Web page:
Akaroa History Storyteller Marie Haley is featured as a local resident with a powerful connection to place developed over Seven Generations, in the current Akaroa Museum display of the Comte de Paris 180th celebration.
I was honored to be chosen as the only local resident in the Akaroa Museum’s display of the Comte de Paris descendants 180th celebration. In this beautiful temporary exhibition a selection of descendants were shown for what it means to them to be connected to the first French settlers in Akaroa. Here’s my take on living in one place for seven generations.
“This deep sense of connection moves me to tell stories with my own tour company, The Seventh Generation.”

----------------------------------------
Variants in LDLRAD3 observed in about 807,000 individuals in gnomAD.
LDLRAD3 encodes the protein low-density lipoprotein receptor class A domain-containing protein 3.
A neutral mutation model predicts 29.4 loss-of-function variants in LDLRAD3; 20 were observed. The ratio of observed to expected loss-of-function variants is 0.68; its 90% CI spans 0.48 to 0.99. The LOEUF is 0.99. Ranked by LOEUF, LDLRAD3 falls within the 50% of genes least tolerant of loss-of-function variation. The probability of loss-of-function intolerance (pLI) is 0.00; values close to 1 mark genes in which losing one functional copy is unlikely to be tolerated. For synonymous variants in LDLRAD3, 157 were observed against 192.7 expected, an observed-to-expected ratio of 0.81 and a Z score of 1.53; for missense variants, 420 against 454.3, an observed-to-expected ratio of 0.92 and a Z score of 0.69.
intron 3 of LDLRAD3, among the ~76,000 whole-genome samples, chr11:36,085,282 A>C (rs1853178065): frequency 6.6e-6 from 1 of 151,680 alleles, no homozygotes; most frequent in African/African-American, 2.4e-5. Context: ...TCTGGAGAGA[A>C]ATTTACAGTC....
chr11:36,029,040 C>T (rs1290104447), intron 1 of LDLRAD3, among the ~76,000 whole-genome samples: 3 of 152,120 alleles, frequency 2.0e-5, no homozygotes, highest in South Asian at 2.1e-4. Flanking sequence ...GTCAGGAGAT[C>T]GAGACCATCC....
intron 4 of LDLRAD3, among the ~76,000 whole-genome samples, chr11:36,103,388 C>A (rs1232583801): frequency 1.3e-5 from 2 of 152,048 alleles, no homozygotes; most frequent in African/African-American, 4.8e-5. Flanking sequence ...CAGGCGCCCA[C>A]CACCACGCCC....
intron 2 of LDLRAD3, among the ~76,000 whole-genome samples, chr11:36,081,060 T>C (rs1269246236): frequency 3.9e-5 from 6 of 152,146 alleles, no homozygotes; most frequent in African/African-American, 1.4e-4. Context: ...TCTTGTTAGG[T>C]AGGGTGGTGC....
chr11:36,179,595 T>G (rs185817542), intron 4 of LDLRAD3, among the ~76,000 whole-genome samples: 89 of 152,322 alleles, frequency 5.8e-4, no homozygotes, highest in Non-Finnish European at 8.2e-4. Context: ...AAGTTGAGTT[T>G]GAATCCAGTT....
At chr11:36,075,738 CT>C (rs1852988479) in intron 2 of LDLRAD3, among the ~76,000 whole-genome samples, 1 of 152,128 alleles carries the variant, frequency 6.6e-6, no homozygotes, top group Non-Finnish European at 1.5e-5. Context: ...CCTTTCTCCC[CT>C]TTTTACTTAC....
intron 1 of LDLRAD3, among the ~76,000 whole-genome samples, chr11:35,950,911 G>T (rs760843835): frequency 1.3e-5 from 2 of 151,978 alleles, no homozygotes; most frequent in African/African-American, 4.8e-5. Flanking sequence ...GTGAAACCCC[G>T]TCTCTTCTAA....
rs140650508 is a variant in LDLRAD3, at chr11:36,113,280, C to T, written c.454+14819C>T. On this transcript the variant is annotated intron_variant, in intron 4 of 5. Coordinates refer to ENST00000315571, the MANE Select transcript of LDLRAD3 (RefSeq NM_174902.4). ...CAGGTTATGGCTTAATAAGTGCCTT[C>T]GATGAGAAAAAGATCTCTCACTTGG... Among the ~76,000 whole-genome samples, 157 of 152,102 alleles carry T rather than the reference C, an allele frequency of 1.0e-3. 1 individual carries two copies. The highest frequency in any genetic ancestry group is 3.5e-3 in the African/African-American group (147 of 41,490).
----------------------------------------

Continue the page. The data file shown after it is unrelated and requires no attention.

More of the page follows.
Knowing who I am gives me the ground to stand on, to know where I am going –tūrangawaewae. Like the tall totara tree that once covered Banks Peninsula from summit to sea. They dig in their feet and stand firm through the strongest storms and their memory is long.
This is how I know the land, over seven generations through all the changes that have taken place. My Great-grandmother spoke of a forest fire that burnt for three months. I saw the last tui, and the first.
From knowing my history, I draw on a deep well of hope for the future. I know how far we have come; my great-great-great-great-grandmother, Justine Rose Lelievre, gave birth in a tent by the sea, and how easy we have it now. How we decimated the ecosystems, and how nature is already returning, faster than we could have imagined.
I have always walked in the footsteps of my ancestors and carry the responsibility to create a more beautiful, abundant place with stronger vitality (mauri). For I am not separate to this place, and you could not separate me from this place.
This deep sense of connection moves me to tell stories, with my own tour company and school education trips, so others can connect to both this place and their own history.